[00:01:02] Andrew: and I'm Andrew Syrios. And again, we are the good stewards and you can find more of at www.Thegoodstewards.com. Today we're going to be talking about due diligence, not the sexiest of topics, but one of the most important when it comes to real estate and also one of the most neglected. This is where. Uh, we basically make sure what we think we're buying is actually what we're buying. And it comes in several stages. We, we'll focus predominantly on houses today. We'll have another podcast sometime later on, apartments, commercial buildings and the like. But houses are, well, it's what most real estate investors are trying to buy. And that is what, uh, that's. What most real estate investors screw up when buying as well. And so we split it up and kind of the pre offer due diligence, which is basically the analysis stage. And then the post offer due diligence, uh, which is once you have it under co, actually the post contract's due diligence once you have it under contract and before you've purchased the property.
[00:01:52] So the first one is to figure out what you're looking at, figure out what you're trying to, uh, what, what you should be basing your offer off of. And the next one is to make sure that what you based your offer off of is actually correct. And so the main point I would make with regards to the pre offer due diligence, the first part of it when you're looking at properties upfront is you don't want to spend all day on this.
[00:02:15] This is something that can easily just go on and on and on. But eventually you've, you've, I mean, Ryan, what would you say is the percentage of offers you make that actually get accepted.
[00:02:26] Ryan: Um, 10% is our goal.
[00:02:30] Andrew: 10%,
[00:02:31] Ryan: nine out of 10 don't pan out after a lot of work. Um, I find that it's really kind of just quick and dirty. You want to verify comps, verify kind of what you would like to be at. Based off of a repair cost estimate. And that's kind of what we make our offer off of. And then once we're under contract, during our inspection window, we really dive down into those numbers to make sure that they're accurate. And that includes, you know, walking contractors or subs through, or hiring an inspector if you're going to go that route. Um, I think a lot of new people make the mistake of like meeting a contractor at a REIA and being like, Oh, this guy's going to do all my stuff for me. And that guy walks through and he's like, yeah, this would be like eight grand, and then he doesn't want to do the work.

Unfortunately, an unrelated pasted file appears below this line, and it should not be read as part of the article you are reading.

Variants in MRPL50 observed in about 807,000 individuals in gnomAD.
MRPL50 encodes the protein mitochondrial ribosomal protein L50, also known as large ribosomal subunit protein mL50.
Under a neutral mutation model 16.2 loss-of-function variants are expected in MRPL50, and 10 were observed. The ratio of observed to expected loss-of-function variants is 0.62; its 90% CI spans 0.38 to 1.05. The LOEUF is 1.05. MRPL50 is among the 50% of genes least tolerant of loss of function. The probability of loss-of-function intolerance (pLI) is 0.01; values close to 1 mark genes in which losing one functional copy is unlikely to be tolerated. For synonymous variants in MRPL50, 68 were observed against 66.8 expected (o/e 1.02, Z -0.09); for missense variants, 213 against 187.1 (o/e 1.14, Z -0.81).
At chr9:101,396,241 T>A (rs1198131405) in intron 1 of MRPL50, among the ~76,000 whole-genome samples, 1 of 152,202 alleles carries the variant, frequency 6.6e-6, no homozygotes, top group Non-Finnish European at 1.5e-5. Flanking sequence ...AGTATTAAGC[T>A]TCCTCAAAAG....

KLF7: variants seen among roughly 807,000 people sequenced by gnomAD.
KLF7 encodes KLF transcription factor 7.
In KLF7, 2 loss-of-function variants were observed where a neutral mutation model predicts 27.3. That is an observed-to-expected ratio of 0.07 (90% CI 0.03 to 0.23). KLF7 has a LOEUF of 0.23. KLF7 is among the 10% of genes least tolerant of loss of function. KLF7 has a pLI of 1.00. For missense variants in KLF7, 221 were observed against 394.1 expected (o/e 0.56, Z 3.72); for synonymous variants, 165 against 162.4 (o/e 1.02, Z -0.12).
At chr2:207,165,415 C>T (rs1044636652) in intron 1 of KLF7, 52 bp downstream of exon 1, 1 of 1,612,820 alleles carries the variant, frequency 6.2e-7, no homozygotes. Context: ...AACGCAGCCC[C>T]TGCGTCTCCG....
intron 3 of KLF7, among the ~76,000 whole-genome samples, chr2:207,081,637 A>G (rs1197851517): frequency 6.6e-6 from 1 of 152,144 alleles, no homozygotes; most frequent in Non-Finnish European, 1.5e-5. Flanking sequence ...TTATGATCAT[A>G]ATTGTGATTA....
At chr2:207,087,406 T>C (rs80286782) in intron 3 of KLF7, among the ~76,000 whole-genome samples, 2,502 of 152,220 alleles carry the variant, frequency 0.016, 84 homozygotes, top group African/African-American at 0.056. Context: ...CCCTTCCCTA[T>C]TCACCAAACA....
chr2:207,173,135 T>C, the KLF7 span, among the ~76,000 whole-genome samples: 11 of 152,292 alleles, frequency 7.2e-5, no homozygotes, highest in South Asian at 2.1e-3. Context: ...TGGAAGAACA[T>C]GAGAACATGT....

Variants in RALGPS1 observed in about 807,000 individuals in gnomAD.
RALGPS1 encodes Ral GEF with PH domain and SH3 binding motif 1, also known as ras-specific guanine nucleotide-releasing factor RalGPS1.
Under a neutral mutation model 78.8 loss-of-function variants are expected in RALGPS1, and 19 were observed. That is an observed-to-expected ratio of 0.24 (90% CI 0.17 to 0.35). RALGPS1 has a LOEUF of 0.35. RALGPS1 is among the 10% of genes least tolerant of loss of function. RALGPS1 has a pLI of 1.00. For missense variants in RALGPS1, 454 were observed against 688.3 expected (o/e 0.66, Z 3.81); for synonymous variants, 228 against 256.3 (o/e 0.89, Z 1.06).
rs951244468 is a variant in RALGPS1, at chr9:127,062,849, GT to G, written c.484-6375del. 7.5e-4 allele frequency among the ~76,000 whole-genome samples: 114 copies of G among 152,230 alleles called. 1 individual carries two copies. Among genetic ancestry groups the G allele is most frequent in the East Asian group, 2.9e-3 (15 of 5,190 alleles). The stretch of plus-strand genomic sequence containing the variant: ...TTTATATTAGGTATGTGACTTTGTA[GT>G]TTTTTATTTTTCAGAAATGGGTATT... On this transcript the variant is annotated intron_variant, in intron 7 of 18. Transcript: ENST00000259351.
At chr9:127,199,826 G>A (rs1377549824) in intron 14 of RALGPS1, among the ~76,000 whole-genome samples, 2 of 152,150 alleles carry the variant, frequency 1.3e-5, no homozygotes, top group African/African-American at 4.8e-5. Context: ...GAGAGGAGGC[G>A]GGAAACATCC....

[00:03:15] Andrew: Right?
[00:03:16] Ryan: So, um, if you're going to do the whole, like walk through with a contractor, make sure it's one that's competent that you're actually going to use, who's going to stand behind that bid. Um, so really getting that firmed up on the front end, I think saves you a lot of heartache and change orders on the back end.
[00:03:32] Andrew: Yeah, absolutely. And on, on the F, like before you've actually even made the offer, I think the key point there is most of the offers you make are not going to go through. So spending like going through and creating a line item, but bid, uh, with, you know, 150 line items and then bidding them all out for an offer you haven't even gotten accepted. Doesn't really make a lot of sense.
[00:03:52] Ryan: Or like the really detailed cash flow analysis forms of like, okay, the tax is here, the insurance here, the vacancy, like it's really looking at houses.
[00:04:03] I mean, there's online calculators
[00:04:06] Andrew: calculators are just fine, but I mean, it's like, yeah, you wanna, you wanna do want to.
[00:04:11] Well, you know parse out your talent. You want to be diligent, but you want to also be reasonable. And so like the way we do it is we, I have one page sheet and it's just got, it's based off of a very good book. I highly recommend by Jay Scott called the book on estimating rehab costs and it just breaks out.